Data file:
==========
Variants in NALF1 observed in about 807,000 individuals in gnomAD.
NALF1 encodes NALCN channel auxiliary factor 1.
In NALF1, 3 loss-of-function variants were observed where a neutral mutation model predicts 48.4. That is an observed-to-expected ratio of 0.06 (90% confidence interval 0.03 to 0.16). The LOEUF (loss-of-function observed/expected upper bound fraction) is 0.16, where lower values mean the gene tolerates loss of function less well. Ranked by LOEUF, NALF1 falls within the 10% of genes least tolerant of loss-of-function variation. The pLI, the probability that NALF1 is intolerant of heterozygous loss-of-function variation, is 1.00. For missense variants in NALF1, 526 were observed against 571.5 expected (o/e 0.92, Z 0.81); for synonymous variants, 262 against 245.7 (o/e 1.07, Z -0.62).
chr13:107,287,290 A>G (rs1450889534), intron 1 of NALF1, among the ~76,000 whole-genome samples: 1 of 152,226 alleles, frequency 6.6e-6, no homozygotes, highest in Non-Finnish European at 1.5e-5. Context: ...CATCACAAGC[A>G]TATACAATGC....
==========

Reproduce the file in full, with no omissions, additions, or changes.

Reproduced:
Variants in NALF1 observed in about 807,000 individuals in gnomAD.
NALF1 encodes NALCN channel auxiliary factor 1.
In NALF1, 3 loss-of-function variants were observed where a neutral mutation model predicts 48.4. That is an observed-to-expected ratio of 0.06 (90% confidence interval 0.03 to 0.16). The LOEUF (loss-of-function observed/expected upper bound fraction) is 0.16, where lower values mean the gene tolerates loss of function less well. Ranked by LOEUF, NALF1 falls within the 10% of genes least tolerant of loss-of-function variation. The pLI, the probability that NALF1 is intolerant of heterozygous loss-of-function variation, is 1.00. For missense variants in NALF1, 526 were observed against 571.5 expected (o/e 0.92, Z 0.81); for synonymous variants, 262 against 245.7 (o/e 1.07, Z -0.62).
chr13:107,287,290 A>G (rs1450889534), intron 1 of NALF1, among the ~76,000 whole-genome samples: 1 of 152,226 alleles, frequency 6.6e-6, no homozygotes, highest in Non-Finnish European at 1.5e-5. Context: ...CATCACAAGC[A>G]TATACAATGC....